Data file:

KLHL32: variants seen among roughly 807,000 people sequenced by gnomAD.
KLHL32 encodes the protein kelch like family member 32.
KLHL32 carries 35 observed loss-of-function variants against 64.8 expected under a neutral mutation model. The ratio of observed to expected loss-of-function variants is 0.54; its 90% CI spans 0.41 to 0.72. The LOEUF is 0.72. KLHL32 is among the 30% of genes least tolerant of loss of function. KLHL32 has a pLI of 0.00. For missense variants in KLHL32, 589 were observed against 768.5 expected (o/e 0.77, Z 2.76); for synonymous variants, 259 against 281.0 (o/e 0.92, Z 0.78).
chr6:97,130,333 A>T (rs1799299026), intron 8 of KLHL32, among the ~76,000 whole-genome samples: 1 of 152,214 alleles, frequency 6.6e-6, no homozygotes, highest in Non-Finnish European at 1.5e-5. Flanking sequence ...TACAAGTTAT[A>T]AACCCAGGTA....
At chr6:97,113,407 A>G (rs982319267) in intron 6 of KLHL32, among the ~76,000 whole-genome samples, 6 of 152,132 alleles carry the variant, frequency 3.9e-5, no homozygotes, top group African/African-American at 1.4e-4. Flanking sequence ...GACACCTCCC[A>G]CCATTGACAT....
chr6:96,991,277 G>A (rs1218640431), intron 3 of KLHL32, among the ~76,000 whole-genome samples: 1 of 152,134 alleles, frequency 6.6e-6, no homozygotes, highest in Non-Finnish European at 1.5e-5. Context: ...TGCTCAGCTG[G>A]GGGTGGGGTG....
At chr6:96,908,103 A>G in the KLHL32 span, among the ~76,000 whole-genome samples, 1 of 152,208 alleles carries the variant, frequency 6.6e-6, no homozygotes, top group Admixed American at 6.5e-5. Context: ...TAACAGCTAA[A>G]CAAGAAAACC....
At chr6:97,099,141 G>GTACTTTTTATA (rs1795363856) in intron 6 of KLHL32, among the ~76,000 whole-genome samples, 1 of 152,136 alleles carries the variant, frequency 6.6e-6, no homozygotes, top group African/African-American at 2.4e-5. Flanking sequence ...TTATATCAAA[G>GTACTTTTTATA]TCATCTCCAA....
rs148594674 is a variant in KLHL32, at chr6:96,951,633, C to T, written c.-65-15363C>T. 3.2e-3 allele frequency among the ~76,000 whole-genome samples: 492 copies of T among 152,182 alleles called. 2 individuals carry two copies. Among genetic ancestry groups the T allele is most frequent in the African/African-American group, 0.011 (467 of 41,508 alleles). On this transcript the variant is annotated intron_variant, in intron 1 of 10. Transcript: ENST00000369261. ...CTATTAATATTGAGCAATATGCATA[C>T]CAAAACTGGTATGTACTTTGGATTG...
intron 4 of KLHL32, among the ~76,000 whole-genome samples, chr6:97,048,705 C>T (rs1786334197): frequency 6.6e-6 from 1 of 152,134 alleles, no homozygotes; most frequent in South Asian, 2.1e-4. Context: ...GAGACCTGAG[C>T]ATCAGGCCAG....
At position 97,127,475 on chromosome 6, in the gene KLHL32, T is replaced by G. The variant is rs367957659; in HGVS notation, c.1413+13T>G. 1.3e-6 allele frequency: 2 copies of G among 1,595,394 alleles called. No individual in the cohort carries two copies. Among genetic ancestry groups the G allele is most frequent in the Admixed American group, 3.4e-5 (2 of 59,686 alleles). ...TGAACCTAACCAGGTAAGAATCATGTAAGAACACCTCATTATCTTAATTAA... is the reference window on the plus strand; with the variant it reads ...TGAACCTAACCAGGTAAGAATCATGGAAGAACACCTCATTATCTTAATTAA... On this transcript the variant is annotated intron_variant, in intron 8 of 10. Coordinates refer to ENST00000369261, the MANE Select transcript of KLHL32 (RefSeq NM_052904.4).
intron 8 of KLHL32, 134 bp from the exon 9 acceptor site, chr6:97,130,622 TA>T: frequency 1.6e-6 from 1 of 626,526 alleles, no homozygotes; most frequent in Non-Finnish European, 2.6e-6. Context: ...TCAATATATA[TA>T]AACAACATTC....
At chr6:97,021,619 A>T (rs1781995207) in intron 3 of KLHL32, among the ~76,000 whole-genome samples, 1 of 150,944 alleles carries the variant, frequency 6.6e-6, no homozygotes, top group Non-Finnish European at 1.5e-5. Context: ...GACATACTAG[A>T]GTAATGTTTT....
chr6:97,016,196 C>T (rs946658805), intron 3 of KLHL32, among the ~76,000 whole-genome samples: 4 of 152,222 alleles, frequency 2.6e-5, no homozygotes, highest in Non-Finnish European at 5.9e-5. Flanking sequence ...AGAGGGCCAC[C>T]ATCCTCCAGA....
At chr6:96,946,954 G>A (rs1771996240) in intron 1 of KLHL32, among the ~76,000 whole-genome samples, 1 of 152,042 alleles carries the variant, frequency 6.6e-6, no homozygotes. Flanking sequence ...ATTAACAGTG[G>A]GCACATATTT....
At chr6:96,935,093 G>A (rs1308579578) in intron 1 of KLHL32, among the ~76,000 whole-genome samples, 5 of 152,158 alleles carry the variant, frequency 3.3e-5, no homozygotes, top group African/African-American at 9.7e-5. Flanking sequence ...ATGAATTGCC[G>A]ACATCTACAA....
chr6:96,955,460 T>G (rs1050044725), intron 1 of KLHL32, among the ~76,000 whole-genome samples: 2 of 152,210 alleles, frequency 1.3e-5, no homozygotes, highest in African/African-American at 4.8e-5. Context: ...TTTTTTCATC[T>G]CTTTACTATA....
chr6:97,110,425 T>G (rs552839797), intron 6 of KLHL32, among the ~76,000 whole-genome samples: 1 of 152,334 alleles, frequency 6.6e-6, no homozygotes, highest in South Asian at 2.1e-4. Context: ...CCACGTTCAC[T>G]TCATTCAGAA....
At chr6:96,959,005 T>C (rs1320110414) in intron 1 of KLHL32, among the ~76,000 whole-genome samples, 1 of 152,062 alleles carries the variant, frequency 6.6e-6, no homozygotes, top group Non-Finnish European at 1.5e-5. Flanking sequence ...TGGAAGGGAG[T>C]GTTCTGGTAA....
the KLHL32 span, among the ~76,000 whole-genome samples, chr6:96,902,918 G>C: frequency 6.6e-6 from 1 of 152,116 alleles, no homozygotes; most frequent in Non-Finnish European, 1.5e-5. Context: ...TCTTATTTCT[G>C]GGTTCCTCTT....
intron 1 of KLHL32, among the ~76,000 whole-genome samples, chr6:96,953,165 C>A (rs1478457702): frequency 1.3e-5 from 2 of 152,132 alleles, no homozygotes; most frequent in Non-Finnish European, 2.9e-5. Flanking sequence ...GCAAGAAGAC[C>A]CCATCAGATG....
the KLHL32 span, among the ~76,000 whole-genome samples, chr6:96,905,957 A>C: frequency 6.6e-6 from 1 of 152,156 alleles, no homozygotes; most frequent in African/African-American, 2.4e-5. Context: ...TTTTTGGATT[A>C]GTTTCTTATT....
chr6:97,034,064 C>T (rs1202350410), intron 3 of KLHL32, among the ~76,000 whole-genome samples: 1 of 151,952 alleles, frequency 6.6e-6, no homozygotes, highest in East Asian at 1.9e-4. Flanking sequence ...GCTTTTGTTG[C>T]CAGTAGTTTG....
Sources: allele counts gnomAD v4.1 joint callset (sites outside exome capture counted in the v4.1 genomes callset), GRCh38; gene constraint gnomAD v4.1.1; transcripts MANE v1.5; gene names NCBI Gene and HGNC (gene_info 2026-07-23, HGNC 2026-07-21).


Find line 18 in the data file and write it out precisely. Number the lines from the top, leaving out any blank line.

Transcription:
chr6:97,110,425 T>G (rs552839797), intron 6 of KLHL32, among the ~76,000 whole-genome samples: 1 of 152,334 alleles, frequency 6.6e-6, no homozygotes, highest in South Asian at 2.1e-4. Context: ...CCACGTTCAC[T>G]TCATTCAGAA....